The Academy spokesperson Kelly noted that other San Francisco museums, including some with union contracts such as the de Young and the Exploratorium, also experienced COVID-related cuts.

Kelly released a statement from the organization that said Academy management, as well as staff, experienced layoffs and furloughs, and that no salary cuts occurred for those making less than $75,000 a year, and that “laid off staff received generous notice, severance and benefits continuation.”

“The Academy is a science-based institution, and we believe staff should have access to the full spectrum of information and facts about unionizing in order to make an informed decision,” the Academy’s statement said.

Yet some workers who weren’t laid off, like organizing committee member Clea Matson, also felt the cuts weren’t properly communicated.

CalAcademy Workers United organizing committee members rally during a celebratory lunch at California Academy of Sciences in San Francisco on May 25, 2023, after the group filed paperwork with the Nation Labor Relations Board to unionize. (SEIU 1021 via Bay City News)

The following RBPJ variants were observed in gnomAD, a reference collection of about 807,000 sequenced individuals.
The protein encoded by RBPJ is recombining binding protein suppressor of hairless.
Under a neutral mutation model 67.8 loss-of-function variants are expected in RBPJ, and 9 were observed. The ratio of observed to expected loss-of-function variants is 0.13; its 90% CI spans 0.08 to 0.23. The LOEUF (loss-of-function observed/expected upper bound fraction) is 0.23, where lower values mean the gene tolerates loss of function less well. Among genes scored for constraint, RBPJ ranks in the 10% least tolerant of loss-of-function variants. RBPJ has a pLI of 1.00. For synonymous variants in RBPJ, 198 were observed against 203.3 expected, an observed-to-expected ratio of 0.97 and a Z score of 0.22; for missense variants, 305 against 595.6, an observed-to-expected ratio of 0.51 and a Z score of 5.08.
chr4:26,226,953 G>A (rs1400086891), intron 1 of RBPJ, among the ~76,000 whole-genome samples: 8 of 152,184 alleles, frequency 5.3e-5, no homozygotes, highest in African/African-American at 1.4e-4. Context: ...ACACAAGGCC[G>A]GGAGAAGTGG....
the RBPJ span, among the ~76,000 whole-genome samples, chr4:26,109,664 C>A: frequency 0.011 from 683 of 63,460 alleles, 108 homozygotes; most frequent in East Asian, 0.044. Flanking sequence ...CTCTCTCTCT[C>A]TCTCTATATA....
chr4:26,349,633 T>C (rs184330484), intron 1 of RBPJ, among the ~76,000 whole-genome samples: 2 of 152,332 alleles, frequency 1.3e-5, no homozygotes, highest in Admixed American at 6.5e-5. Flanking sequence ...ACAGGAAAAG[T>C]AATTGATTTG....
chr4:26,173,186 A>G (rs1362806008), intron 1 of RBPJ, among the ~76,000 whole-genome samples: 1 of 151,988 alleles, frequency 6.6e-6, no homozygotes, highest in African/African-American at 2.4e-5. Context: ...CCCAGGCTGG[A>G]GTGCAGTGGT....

“In my department we went from six to three people but there was no discussion about what work people did and what people we needed to make that work continue,” Matson said. “It wasn’t based on seniority and the reasons for who was let go and who stayed were completely unknown to us.”

Another major issue in the unionization effort is wages. The Academy’s lowest-paid workers make about $21 an hour, according to both Kelly and Angel, who said some employees need to take on second jobs to make ends meet.

“I fully believe that you should only have to have one job,” Angel said. “You shouldn’t have to work multiple jobs or rely on a partner who’s wealthy just to get by.”

Kelly said the museum’s wages are competitive, pointing to union contracts at the Exploratorium and the Asian Art Museum that show the lowest-wage workers receive pay that is comparable to the Academy’s. A comparison of other wages wasn’t immediately available.